Monday, June 23, 2008

Week of June 22

Officials Unsure What Is Causing Absence Of Weeds

By Patrick Fanelli

Nobody knows why, but there is something conspicuously absent from the waters of Chautauqua Lake, New York.

Drive past places like Burtis Bay, and the red tint and still water that is normally a symptom of the lake’s Eurasian milfoil epidemic are gone. So, too, are the weed clippings that clog up the shoreline.

For the past few years, the invasive weeds were in full bloom by this time of the year. While one can’t say for sure what is hindering weed growth all over Chautauqua Lake, county lake officials only hope it stays this way into the busy summer season.

‘‘The weeds, I’m guessing, are probably two weeks behind, and that’s a good thing,’’ said Bill Evans, Chautauqua Lake Management Commission chairman. ‘‘So something is going on. As a matter of fact, we’ve been having quite a bit of discussions about it.’’

While Evans jokes about how tempting it is to credit the efforts of the variety of lake organizations that comprise the CLMC, he believes Mother Nature deserves the credit.‘‘Mother Nature has certainly been good to us so far,’’ said Evans, who owns a lakeside home on Summit Street in Lakewood. ‘‘It’s not hard to see. (The weeds) are not nearly as high as they should be as we approach the end of June.’’

In recent years, relatively warm winters resulted in an ice cover that was unusually thin and broke an abnormally high number of times, allowing a greater amount of sunshine into the water — and this was sometimes blamed for the explosive growth in 2006 and 2007. While no one can say for sure whether this really was one of the causes, an inadequate ice cover wasn’t a factor this past winter.

‘‘That deterred the weeds somewhat, but then when it got warm in April, I got nervous,’’ said Karen Rine, who heads the Chautauqua Lake Partnership, a group that advocates for the spraying of herbicides in certain parts of the lake to hinder weed growth.

For the most part, though, the weeds still haven’t grown to the surface of the water. ‘‘I really don’t know why, because the conditions were optimum in the spring — but there was an awful lot of wave action on the lake. That’s my take,’’ said Mrs. Rine, who lives along the shore of Burtis Bay in Celoron.

While the region may have enjoyed some pleasant days this past spring, temperatures across the board were lower than normal, says Evans — a factor that may also have contributed to the slow weed growth.In addition, Robert Johnson — who manages Cornell University’s Research Ponds Facility and studies Chautauqua Lake’s weed infestation — is exploring the possibility that weed-eating insects are slowing down the weed growth, according to CLMC officials. Article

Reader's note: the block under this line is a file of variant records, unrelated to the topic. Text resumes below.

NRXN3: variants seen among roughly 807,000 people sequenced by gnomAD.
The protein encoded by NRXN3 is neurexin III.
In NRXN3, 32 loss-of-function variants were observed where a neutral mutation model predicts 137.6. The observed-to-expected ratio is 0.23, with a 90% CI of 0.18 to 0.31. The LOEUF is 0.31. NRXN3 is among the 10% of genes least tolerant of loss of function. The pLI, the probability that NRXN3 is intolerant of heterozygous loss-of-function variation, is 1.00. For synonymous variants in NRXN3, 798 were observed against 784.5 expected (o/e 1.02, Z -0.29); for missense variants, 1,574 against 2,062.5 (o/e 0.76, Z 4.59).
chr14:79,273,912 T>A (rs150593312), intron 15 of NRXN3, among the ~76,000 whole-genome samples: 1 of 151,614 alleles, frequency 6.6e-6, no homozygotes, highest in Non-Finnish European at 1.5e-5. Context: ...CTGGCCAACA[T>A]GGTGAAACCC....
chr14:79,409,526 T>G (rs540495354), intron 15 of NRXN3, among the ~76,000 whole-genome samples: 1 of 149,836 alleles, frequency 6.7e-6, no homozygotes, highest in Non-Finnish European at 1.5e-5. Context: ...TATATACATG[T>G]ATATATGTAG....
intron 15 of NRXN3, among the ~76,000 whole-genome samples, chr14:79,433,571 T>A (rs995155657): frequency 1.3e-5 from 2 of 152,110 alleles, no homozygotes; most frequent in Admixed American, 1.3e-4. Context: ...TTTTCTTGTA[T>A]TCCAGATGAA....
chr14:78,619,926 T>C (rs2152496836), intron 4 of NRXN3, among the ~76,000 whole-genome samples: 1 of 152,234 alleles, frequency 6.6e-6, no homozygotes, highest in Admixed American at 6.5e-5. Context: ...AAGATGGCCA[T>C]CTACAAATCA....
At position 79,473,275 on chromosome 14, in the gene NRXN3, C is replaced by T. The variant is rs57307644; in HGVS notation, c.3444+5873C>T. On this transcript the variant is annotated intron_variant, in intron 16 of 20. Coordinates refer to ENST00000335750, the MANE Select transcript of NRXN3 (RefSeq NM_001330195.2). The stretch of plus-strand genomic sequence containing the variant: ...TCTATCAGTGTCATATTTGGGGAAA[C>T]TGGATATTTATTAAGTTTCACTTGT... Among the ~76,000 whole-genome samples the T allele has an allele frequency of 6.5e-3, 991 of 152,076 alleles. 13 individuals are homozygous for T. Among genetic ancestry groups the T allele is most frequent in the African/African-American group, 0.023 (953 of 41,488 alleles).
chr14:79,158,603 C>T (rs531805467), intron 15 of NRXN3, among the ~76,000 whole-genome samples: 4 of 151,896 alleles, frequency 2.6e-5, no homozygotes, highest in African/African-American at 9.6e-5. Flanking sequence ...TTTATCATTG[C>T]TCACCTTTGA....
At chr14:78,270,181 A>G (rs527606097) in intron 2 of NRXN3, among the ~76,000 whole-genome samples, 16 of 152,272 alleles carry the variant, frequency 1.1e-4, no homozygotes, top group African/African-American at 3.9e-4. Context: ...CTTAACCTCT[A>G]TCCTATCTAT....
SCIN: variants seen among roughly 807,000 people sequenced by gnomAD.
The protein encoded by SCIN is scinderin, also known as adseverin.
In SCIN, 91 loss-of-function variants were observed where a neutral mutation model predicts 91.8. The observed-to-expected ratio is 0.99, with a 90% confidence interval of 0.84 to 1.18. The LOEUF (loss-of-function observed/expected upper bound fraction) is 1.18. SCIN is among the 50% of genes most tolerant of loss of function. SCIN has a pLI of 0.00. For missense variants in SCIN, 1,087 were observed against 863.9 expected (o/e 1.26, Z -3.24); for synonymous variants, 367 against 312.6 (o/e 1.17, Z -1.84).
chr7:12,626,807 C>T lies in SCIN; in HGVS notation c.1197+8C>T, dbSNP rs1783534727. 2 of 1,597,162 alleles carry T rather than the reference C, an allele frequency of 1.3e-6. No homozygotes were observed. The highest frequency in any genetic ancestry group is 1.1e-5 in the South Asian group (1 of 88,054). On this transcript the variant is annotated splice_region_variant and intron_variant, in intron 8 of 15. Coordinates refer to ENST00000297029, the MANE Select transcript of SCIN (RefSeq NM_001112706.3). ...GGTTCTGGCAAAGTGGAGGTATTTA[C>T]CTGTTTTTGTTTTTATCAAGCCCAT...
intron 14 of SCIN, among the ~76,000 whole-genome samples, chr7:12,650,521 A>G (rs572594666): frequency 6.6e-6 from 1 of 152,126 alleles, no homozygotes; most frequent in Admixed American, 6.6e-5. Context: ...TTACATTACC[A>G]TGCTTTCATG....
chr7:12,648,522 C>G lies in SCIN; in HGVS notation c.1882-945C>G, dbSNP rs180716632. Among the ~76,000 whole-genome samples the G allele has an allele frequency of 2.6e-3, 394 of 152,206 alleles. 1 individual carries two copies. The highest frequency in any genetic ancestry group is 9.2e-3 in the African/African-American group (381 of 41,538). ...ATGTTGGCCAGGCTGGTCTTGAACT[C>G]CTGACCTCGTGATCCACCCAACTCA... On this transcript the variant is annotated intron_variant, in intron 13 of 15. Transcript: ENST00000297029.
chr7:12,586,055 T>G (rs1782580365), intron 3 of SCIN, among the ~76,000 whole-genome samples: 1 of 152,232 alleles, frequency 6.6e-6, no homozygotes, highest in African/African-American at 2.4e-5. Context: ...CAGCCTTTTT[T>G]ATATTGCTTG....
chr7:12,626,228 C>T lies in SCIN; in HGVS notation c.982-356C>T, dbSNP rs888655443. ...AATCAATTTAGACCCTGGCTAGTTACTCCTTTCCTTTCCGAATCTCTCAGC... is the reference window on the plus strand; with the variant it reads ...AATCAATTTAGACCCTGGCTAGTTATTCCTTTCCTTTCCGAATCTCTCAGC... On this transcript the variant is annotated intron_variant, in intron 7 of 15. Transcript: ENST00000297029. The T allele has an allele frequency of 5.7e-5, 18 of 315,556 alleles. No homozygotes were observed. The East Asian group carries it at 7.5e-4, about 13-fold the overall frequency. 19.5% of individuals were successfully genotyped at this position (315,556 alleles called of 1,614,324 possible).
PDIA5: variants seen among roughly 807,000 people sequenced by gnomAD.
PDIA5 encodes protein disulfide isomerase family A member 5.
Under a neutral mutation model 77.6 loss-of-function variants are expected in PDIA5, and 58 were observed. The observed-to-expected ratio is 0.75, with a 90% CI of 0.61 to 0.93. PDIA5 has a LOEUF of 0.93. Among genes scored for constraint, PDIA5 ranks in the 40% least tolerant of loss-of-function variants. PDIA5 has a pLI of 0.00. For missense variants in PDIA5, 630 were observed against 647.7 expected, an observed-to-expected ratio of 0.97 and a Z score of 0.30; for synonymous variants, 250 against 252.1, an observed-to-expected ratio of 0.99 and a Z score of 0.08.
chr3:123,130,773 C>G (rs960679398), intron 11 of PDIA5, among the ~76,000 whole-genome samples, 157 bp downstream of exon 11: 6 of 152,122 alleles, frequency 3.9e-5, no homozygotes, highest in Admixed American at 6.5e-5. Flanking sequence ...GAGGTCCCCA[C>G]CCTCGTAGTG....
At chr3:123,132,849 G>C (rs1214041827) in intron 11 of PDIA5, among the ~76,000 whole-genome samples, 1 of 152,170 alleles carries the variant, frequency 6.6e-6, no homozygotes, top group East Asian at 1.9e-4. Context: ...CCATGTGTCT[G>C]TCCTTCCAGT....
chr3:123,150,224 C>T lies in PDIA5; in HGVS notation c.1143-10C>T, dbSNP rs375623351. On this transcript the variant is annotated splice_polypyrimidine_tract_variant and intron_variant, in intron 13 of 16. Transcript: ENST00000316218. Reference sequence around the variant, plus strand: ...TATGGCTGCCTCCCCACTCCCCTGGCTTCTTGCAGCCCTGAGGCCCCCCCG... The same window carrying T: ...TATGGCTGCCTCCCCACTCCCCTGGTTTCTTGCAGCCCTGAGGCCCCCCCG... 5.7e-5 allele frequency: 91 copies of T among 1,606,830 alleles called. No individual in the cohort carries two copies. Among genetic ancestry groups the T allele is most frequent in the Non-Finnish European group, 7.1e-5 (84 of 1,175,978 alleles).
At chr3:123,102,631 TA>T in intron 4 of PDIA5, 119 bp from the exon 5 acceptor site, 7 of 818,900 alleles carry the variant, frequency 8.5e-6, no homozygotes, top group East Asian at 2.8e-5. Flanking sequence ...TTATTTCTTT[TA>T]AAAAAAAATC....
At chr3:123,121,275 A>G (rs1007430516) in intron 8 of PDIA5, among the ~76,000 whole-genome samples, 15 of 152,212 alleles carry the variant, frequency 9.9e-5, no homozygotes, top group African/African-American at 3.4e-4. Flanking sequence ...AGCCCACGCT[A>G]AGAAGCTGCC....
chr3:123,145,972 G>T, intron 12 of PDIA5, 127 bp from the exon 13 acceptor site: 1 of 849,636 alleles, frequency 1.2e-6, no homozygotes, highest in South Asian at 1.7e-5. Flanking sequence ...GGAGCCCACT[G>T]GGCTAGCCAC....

Invasion of alien snails: what to do about them

The gummy-looking, droplet- like clusters of pink eggs that clung to the bank of the pond appeared harmless enough, but S.C. nature officials are worried the snails that hatch from those eggs could pose a health risk and cause widespread ecologi cal damage.

The island apple snail has been found for the first time in South Carolina in about a dozen ponds in the Laurel Woods subdivision and the Heron Point Golf Club off S.C. 707.

Now, offi cials are trying to eradicate them before they spread to the Waccamaw River, which would make containment efforts much harder.

"Ideally, they would be exterminated," said David Knott, a marine biologist with the S.C. Department of Natural Resources. "If it's feasible, and we can do it without causing environmental damage, that's what we'd like to do.''

The snail could eat just about all the plants in a pond, and displace and even feed on native snail populations, Knott said.

The snail also carries a parasite that could cause fatal menin gitis and can transfer to people if it is handled without gloves, although Knott said he was unaware of a case in the U.S.

The island apple snail, indi genous to South America, is one of several apple snail species. Of greater concern to biologists is the channeled apple snail, which can devour rice and taro crops and is the 73rd worst invasive species in the world, according to the Global Invasive Species Database.

The channeled apple snail has been found in Arizona, California, Hawaii and maybe Alabama, according to a DNR press release.

The island apple snail as been introduced in Texas, Florida and Georgia, the press release said.
The island apple snail cannot survive for long in water below 50 degrees, but it can burrow into the ground if the temperatures drop. Overall, South Carolina appears to be just warm enough for the snails, Knott said.

To get rid of the snail, the DNR is spraying copper sulfate, a federally approved pesticide, in the infested ponds. The blue, granular substance will also kill algae but should not have any other detrimental effects.

Michael Hook, a field supervisor with the DNR's aquatic nuisance species program, said he sprays about 10 feet from the edge of the pond, where most of the snails live. The DNR plans to treat the infested ponds once a month throughout the summer, he said.

SC Dept. of Natural Resources. (803) 734-9100 Article


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